by Gennie Harris
"So...How exactly do we all work on this project at the same time?"
As a recent graduate of a private liberal arts college - where group projects were more common than hacky sack sessions on the quad - this is a question that has come up repeatedly. With each type of project we struggled to find a different solution: for essays and presentations, Google Drive seemed to be the easiest fix; for projects that spanned multiple kinds of media, each person could just claim a content type and stick to it. And this worked out for the most part, with one notable exception: what do you do when you're working on a website, app, or video game, and the code you're writing is in the same file as the section your teammate is editing?
Little did we know, there is.
Gitting up to Speed
Imagine my surprise and wonder when, during my first day at my first post-college job, I was introduced to this little piece of software known as Git. Now I know I'm a little late to the party, so many of you reading this are probably rolling your eyes at my ignorance right now - but let's assume for a second that someone out there was as sheltered in the programming world as I was, and is currently asking themselves (or Google, more likely), "What exactly is Git?"
Well, my friend:
"Git is a free and open source distributed version control system designed to handle everything from small to very large projects with speed and efficiency."
In plain English, this means that Git allows individuals to save snapshots of their work in case they screw up somewhere and want to revert to a previous version; this means that groups can maintain a stable version of a program while working on various "branches" of edits, without worrying about breaking anything; and perhaps most importantly, this means that team members can simultaneously work on different parts of a program, site, or any other project, and then automatically merge their work together without the headache of doing it manually.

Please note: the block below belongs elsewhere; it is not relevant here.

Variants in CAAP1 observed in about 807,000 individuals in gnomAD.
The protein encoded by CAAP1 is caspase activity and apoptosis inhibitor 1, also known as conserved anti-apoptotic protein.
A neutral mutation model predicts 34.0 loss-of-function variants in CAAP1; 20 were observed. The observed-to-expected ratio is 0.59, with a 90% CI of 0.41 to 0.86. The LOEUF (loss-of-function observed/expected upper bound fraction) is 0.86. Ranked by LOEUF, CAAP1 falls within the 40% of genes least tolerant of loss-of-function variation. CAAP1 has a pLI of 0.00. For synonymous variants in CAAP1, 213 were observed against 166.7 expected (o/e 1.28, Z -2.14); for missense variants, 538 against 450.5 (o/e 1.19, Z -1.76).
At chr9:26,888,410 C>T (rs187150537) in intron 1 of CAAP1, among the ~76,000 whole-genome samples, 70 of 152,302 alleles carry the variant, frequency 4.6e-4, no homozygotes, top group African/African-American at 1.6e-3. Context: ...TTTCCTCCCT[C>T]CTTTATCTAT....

Gitting to Work
Here at Singlebrook, we use Git for all of these things and more. While the specifics vary from project to project, most of our work tends to follow the same basic game plan:
- Project files are hosted online in a Git repository (through Github, for example)
- All of the team members working on the project "clone" these files to their local machines
- Each developer can then make various edits to their local copy, using Git to keep track of their changes
- When a person makes a successful update to the project, they can "push" their version back to the repository, where all of their teammates can "pull" these changes back down to update their own versions
It's a little more complicated than that (but not much, I promise), but that's the basic way that Git allows us to work as a team without stepping on each other's toes - or ever having to worry about accidentally making irreversible mistakes and destroying a project. And Git isn't just ideal for groups working together: you can use it locally for individual work (and don't even have to bother with creating a repository online) to backup your projects and provide you the ability to revert to previous versions if necessary.
Gitting More Information
So I've given you a brief overview of Git, claiming that it - or similar programs - can make your life a lot easier, but don't just take my word for it! You can (and should!) check out the Git website and take it for a quick spin with TryGit.
Finally, if you've made the decision to jump into using Git as your Version Control System, take a couple hours to read the Pro Git book by Scott Chacon, which is free to read in its entirety online. In it, you can learn everything you need to know to start using Git, as well as best practices, tips and tricks, and more on its history and how it actually works.
Now you're ready to simplify your workflow and ease those group-project-related headaches with Git - so what are you waiting for? Git to it!